comments:  Below is a wish-list of features that, in August 2011, I wanted to use for interactive computer-based instruction.  Since then I have decided that the features below (#3 and #4) may not exist in current software for writing instruction, so I've decided to focus on what I can do with #1 and #2 (which are included in the WHAT-goals above) by using the CSCRB software.

In making a set of related Instruction Modules, each of which allows interactive choices by a user, here are some features I'd like to have:
        3.  NAVIGATION STRUCTURES that are easy to understand and use, including characteristics from some or all of these:  sitemaps (conventional or visual), menus & submenus (in side-bars, or maybe pull-down menus), and breadcrumb trails.  An ideal format might be a relationally-logical visual sitemap to show funnel-and-fan, branching, idea-clusters,... as in a concept map.  In any of these, and especially in a visual sitemap with history-breadcrumbs, a useful functionality would be to show a reader's location-and-history within the visual sitemap – saying “you are here” – to let a user know “where they are (and have been)” in an overall process of learning, and “where they can go” to help them make decisions that will let them learn what they want, in a more effective way.  Perhaps we can offer alternative structures, including both conventional sitemap and visual sitemap.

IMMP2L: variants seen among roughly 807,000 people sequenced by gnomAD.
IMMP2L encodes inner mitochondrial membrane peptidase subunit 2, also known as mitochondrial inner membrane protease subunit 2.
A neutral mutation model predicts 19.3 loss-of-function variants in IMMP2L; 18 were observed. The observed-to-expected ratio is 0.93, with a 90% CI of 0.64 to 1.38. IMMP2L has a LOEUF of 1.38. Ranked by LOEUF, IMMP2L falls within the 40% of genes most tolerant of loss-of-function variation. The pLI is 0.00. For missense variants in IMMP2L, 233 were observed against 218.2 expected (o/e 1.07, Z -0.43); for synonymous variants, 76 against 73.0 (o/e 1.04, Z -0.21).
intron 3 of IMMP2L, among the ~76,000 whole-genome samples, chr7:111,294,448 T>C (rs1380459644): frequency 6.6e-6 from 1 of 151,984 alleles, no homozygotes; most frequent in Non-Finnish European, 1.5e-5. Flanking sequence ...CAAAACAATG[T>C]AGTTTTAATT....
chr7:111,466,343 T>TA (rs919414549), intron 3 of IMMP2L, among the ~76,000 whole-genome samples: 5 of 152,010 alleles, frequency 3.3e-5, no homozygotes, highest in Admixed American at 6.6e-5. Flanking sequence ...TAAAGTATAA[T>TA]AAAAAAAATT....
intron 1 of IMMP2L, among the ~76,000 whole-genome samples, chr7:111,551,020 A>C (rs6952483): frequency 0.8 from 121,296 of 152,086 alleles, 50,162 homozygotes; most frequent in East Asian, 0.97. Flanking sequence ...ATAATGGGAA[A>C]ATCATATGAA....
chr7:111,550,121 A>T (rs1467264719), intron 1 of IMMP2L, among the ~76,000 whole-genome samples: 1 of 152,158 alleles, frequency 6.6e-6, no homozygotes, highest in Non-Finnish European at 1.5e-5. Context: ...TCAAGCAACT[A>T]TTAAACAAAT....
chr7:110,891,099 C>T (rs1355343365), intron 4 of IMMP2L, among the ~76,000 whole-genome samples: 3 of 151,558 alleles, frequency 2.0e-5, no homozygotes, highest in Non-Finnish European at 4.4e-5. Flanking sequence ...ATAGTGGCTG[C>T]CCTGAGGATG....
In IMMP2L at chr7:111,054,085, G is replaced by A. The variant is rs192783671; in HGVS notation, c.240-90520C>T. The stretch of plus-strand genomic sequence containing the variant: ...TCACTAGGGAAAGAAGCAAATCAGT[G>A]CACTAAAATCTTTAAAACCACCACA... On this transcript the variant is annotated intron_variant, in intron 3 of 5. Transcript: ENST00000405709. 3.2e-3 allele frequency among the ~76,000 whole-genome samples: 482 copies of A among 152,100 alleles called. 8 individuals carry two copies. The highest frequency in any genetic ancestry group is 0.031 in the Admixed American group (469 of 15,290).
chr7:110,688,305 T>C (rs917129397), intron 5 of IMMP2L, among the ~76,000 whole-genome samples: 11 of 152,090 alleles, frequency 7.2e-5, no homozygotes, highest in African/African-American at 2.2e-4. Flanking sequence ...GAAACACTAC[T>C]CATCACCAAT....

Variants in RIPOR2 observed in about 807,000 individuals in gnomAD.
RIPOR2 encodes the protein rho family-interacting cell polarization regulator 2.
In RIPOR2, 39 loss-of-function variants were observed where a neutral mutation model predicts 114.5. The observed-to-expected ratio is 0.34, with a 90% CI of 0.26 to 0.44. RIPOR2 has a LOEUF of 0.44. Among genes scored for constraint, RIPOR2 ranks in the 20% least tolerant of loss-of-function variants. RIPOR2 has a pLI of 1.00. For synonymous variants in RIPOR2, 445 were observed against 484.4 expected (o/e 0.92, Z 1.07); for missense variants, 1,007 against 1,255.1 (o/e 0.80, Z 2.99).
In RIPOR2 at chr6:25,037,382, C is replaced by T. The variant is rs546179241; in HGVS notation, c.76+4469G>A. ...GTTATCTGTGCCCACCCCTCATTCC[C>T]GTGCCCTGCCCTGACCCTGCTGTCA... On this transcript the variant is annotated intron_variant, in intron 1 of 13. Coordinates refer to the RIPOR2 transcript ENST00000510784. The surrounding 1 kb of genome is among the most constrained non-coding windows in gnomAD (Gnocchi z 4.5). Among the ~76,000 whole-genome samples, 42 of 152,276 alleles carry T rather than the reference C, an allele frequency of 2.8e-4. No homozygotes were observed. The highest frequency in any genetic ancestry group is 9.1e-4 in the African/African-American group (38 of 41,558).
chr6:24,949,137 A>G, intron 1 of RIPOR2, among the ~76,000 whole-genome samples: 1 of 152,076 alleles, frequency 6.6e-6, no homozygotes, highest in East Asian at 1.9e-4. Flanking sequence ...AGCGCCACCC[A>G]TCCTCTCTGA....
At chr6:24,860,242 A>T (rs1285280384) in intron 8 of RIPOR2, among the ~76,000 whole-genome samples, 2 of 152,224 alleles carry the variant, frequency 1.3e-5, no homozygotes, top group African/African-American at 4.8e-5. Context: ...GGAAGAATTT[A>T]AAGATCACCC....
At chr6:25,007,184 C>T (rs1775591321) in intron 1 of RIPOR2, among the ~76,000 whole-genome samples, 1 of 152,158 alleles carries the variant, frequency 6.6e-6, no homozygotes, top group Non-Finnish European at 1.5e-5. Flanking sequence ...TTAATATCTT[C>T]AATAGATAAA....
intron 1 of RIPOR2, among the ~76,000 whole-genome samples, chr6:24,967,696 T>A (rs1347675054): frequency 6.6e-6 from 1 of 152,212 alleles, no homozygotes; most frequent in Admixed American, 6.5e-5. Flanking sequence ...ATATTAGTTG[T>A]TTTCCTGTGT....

4. EASILY-PRINTED PAGES (both for pop-ups & web-pages) that a reader can download as a word-file, easily print-format (by choosing margins, font size,...), and print.   /   Another feature that would be useful, although I doubt if there is a way to do it, is to let readers easily build do-it-yourself pages for printing.  A reader would select the pop-up windows they want to include, and all of this text (with bold, italics,...) would be combined into a word-file that they can print-format and print.
        In all of these (1,2,3,4), currently I'm just imagining what I want, in general terms.  But I have not yet begun to explore what is possible by using available instruction-designing programs, instead I just have the vague ideas in "HOW" below.  Basically, what I'm doing now is the "brainstorm" phase in a brainstorm-and-edit process of creatively generating ideas and critically evaluating these ideas, in a creative-and-critical process of design.

Ideas for Education